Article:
The Resilient Woman: Part 2

The resilient woman embodies a tenacious spirit and embraces life in the face of trauma, losses and transitions. She lives a courageous life with a vision of purpose, meaning and fulfillment.

Margaret Moth
Resilient photojournalist Margaret Moth who died of colon cancer

The inspiring and fearless photojournalist, Margaret Moth, who recently succumbed to cancer, embodied the spirit of a resilient woman. Pictured here with her camera, Moth embraced adventure and making a difference in the world.

How does one develop the capacity to become resilient when it does not come naturally? Most of us need to learn certain skills and strategies to develop resiliency.

“Our greatest glory is not in never falling, but in rising every time we fall.” ~Confucius

The 10 Keys to Developing Resiliency

  1. Build relationships and connections with supportive friends and family members. This contributes profoundly to our capacity for resilience.
  2. Engage in activities that give you a sense of purpose and meaning. Having something to focus on outside of yourself enhances your well-being.
  3. Practice mindfulness exercises such as abdominal breathing, meditation, constructive rest or self-hypnosis.
  4. Take care of yourself physically. Eat a clean diet, exercise regularly and get at least seven hours of sleep. It’s difficult to be resilient when basic needs are not being met.
  5. Strengthen your ability to be optimistic by looking for something each day that signals a good outcome. Train your brain to expect positive results.
  6. Keep a gratitude journal so that you can track all the elements of your day for which you can be grateful. It does not have to be anything major. A pleasant walk, a good conversation with a friend, a delicious cup of coffee are all examples of life’s pleasures for which we can be grateful. The gratitude journal helps develop a more positive perspective and greater resilience.
  7. Be proactive. Rather than hoping and praying that things will change, every day take some steps towards initiating that change. Feeling a daily sense of accomplishment helps us to feel more empowered and able to influence the events of our lives.
  8. Maintain perspective. Keep the big picture in mind when things don’t work out according to plan. Resilient people know to expect the unexpected. You just need to remember that setbacks will happen and your job is to keep pushing forward.
  9. Add fun and laughter into your everyday life. If it is difficult to find the humor in the context of certain losses or challenges, then look elsewhere to find some comic relief. Humor helps to deepen our capacity for resilience.
  10. Engage in flow activities. Flow activities are projects or interests that occupy the mind in such a deep way that we lose track of time. Writing, dancing, yoga, gardening, spending time with friends are all great examples of flow activities.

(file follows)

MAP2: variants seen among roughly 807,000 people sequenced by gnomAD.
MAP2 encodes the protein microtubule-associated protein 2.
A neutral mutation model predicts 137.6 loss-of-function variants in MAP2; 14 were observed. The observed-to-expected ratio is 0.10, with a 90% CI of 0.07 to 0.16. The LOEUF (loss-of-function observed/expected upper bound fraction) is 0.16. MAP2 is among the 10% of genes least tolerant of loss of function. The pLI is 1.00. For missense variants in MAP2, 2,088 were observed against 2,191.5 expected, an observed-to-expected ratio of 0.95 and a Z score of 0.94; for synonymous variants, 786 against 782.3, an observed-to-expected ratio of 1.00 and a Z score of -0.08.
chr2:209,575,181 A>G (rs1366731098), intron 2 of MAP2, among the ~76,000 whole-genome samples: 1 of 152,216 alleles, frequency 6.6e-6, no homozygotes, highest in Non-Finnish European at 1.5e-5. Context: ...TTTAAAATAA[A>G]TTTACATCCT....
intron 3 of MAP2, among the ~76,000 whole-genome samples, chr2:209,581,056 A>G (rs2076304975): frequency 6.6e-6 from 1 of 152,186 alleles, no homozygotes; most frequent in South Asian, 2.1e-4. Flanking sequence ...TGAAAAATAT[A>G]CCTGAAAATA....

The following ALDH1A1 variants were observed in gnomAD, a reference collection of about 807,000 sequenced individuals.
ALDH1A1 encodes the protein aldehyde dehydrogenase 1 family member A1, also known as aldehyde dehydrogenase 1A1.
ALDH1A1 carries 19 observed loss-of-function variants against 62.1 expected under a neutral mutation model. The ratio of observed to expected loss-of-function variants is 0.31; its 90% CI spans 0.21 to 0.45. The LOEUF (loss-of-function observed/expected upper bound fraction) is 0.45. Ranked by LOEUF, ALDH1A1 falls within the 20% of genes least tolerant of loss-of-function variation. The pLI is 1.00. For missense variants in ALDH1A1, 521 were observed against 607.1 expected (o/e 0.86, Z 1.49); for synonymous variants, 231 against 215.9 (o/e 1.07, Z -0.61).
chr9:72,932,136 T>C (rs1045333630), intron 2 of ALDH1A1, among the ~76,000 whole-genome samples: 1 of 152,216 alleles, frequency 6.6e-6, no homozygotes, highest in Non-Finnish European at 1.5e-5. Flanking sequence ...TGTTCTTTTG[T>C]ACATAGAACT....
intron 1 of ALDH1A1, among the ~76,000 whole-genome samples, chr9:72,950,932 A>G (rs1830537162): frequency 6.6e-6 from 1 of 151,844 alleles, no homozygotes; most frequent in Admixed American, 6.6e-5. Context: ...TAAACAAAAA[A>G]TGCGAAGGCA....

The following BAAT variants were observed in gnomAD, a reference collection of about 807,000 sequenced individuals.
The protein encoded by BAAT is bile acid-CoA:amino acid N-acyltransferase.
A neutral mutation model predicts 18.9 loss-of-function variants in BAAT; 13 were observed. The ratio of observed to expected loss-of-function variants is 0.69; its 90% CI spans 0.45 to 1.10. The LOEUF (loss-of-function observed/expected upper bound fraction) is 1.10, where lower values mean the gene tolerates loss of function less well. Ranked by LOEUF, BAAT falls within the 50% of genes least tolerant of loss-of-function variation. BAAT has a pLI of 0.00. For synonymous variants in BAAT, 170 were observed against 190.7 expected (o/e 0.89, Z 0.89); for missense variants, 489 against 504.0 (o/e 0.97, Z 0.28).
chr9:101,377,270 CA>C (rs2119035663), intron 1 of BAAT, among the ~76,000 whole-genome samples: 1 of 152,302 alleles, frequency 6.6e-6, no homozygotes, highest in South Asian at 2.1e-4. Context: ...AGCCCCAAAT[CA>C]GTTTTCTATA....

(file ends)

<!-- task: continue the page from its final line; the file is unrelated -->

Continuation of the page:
Developing resilience looks like a full time job, yet most of these suggestions can be incorporated throughout the day and need not be time-consuming. Developing resiliency is a way of changing one’s mindset or looking at life from a slightly different lens.

How is your resilience? What are one or two things you can do to boost your ability to roll with the punches?


2 thoughts on “The Resilient Woman: Part 2”

  1. Hi! I happened to stumble on your blog and I really enjoyed reading
    it. I am researching resilience as I am recovering from the death of my
    twenty month old son and my father. I am writing a memoir about my
    recovery through grief and loss while running the ranch I inherited
    from my dad. I have been working on mediation and deep breathing on my
    own. I am also looking forward to trying new things found on your
    site. I am a licensed clinical counselor, so I have also tried EMDR,
    EFT and other things and I am writing about these things. In dealing
    with grief and loss, what techniques have you found to be the most
    helpful? Thank you very much for this blog.

  2. Dear Lisa,

    I’m so sorry for the devastating loss of your son and father. Needless to say we expect to bury our parents, but not our children, so this is a particularly difficult loss.

    Sounds to me like you are on the right path. The breathing and meditation will certainly help to bring back to the moment and get you back into your skin, in the here and now. I think it would be good for you to talk to trusted friends and family about your grief. Tap into your support network as best as possible. Think about talking to a professional if you feel like your friends and family are not there for you in the way you need right now.

    I don’t think there is any technique that will hurry along the grieving process. You need to allow yourself to feel what you feel and not rush the process.

    Your feelings will come and go and your job is to ride the waves, knowing that the worst moments will eventually subside. In time you will no doubt start to emerge from the deepest pain, but I do suggest you continue to breathe deeply whenever you think of it, meditate ideally twice a day(for 10-20 minutes), talk to people you trust who understand you and perhaps keep a gratitude journal(check out gratitude journal on my website for more info on that.

    Keep me posted about how you are managing. My thoughts and prayers are with you.

Leave a Comment